Twice, sometimes three times a year, we would gather as a family for Thanksgiving , Christmas, visitations or meetings of some sort and, although all present were very special to me, there was always Greg with his smile, and his great personality tending to all of us as a ‘some-kind’ saint, brightening up the setting with kindness and a cleanness that was refreshing in my world. He was a genuine and sweet soul - and still is.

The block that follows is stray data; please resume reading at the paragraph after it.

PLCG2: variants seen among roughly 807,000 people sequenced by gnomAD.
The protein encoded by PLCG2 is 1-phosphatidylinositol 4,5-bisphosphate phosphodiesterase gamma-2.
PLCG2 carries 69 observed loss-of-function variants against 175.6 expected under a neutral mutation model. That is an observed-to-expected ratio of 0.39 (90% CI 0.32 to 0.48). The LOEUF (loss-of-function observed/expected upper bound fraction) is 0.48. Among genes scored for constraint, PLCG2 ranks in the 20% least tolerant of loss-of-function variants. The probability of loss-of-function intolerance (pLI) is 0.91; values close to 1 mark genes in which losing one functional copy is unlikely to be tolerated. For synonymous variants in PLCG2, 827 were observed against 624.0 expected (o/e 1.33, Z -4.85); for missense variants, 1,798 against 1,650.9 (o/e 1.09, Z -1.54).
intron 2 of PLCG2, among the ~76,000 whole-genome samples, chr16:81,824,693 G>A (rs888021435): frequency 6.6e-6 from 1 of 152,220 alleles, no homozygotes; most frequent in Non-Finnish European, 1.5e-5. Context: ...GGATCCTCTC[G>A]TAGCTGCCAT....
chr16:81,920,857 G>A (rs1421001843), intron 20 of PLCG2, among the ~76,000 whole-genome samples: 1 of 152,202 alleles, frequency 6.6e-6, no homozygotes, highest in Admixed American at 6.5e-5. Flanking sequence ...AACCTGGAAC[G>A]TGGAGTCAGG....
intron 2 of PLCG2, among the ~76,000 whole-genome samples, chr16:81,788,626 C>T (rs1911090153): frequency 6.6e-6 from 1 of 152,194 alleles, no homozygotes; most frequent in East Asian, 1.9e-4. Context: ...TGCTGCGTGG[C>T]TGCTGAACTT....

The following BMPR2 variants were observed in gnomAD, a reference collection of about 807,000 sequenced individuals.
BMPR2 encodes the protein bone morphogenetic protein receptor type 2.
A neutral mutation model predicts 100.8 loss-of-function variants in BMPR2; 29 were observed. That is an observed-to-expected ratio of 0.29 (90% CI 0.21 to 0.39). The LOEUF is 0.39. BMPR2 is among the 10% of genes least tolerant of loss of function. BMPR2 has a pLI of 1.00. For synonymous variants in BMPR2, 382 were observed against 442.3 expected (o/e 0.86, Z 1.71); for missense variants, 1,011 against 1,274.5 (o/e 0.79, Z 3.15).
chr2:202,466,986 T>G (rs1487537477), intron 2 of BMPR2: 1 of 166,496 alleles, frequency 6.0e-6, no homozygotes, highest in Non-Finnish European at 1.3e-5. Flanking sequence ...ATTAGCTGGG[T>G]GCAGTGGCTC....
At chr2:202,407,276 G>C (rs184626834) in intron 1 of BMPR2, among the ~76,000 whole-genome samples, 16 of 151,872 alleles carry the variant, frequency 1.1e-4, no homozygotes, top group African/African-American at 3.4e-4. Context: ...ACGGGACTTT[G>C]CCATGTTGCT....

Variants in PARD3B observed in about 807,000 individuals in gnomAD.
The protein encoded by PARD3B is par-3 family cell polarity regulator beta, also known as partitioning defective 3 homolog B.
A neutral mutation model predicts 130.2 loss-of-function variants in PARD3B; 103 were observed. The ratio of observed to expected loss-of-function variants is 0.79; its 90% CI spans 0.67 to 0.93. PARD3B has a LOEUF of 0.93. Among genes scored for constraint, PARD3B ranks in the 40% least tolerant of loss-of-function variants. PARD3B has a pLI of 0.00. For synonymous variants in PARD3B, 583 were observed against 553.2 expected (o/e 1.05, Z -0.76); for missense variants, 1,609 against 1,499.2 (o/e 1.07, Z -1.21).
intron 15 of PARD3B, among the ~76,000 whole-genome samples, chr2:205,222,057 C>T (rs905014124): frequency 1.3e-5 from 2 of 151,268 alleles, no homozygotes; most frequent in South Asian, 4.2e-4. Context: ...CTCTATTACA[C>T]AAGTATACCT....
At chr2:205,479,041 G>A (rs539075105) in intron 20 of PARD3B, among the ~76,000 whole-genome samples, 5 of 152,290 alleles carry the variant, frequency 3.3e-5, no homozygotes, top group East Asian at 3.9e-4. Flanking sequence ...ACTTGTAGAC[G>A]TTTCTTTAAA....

Eventually, we all go our separate ways to do our bidding and sometimes we lose touch of those times and special people, but I have always held those events very present in my mind and in my heart. We all do what we can when tragedy comes and we give our dearest possessions. For me, in a different city and separated by decades of Greg doing his own particular bidding, my gift was the absolute best thing I own, my faith and my prayers. I know it is one of those non-tangible things - it is not drinking beer with him as a frat brother, or going to his games, or visiting his kids, but it is what I most value in my life, my greatest treasure. And it was all I had to offer during this troubling time.